Of Course Your Stuff Is Worthless...What Did You Expect?


While doing my usual pursuing of Youtube videos, I came across the below video from creator, Quarter Flips. In the video, he opens a box he packed up two years ago with random items, and the purpose of doing so was to see if the items inside would have any form of increased value.

Upon opening the box, I could immediately tell that the items inside were not only pure junk, but would have minimal if no value at this point. As I watched, Quarter Flips also came to the same conclusion.

However, the bigger question I found myself asking was, "Why on Earth would anyone even think these items would retain any sort of value, let alone in a mere two years?" All of these items are probably still sitting on a clearance shelf somewhere across the US, or at minimum, have been shuffled off to Ollies where they're continuing to collect dust.

I don't know, maybe I just thought it was a basic enough premise to understand. The only reason collectibles are so valuable these days is because Generation X has a very keen desire for nostalgia from their childhoods. The unfortunate downside to this is that there's an offset of supply and demand. Hypothetically, for every ten people who want to replace their 1982 He-Man figure from their childhood, there are only five available. Now couple that in with people who want said figure mint, carded, or complete, and that statistic drops even lower. That's just basics of collectibles and reselling.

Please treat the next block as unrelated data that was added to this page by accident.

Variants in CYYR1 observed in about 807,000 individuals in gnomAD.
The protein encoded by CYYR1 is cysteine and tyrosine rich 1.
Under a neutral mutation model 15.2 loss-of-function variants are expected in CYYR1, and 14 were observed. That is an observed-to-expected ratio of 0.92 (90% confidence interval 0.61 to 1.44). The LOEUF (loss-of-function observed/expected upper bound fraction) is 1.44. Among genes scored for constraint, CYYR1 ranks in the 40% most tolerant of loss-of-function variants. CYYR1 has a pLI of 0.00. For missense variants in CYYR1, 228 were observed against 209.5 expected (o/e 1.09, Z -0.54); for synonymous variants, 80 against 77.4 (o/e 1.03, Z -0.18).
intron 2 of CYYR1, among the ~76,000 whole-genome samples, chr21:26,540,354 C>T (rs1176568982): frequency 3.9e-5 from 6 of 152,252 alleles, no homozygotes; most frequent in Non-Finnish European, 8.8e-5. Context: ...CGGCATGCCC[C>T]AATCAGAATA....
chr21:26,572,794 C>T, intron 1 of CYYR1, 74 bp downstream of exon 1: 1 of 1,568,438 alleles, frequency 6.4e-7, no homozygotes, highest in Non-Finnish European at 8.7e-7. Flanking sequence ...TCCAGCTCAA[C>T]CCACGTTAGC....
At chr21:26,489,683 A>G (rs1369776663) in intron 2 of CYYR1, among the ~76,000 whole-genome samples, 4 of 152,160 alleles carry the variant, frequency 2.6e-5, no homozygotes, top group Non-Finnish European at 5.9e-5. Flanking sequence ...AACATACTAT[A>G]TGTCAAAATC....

Meanwhile, toys of "today" only seem to resonate with Gen X, and in that regard, only very specific ones. Typically, those are the ones that harken back to their childhood, such as Masters of the Universe Origins, or build on it, such as G.I. Joe Classified or Marvel Legends. Your average Gen X isn't buying Descendent dolls. On the other hand, nor are the kids of today.

Today's generation isn't interested in toys. They're plugged in to social media, and other forms of electronic devices. Most of this seems driven by 1) their lack of attachment to physical items, 2) the general poverty level of most young adults, and 3) their desire for life experiences over materialism. The point being, they're not buying this stuff, and they're not going to.

Meanwhile your average Gen X'r is getting older by the day, and our priorities are shifting. We're moving closed to the horizon of retirement (if that's even possible with how much we spend vs. save), and not necessarily adding to our collections. In some cases, we are actually trying to downsize because we don't want them to be a burden on our loved ones.

This in turn causes another problem, which will ultimately become the reality of all of these collectibles. The market is getting over saturated, and with so much available, but no buyers, the prices are going to start dropping drastically. That 12 back carded Luke Skywalker that you paid $10,000.00 for will suddenly be worth a few hundred, and maybe it will sell to that one random Millennial or Gen Z who picked up the collector bug from their mom or dad.

All I'm saying is that it's no surprise that the items in the above video were relatively worthless, and for anyone holding on to their toys, comics, etc., thinking they're going to see a return with profit, don't expect this. That door is closing fast.

What Generation X will leave behind is one heck of a landfill of useless plastic and paper. I hope the recycling plants are ready for us.

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  1. So much to digest and discuss here. Gotta organize my thoughts. I'll be back. Don't touch that dial.

  2. Its a nostalgia thing for me. The reason any of these toys are worth anything at all today is because us old farts collected them as kids and are willing to spend some money on them. Kind of silly for that guy to think that in 2 years, anything collectible, would increase in value. Marvel Toybiz was big back in the day but even something like that, MOC, isn't that pricey today.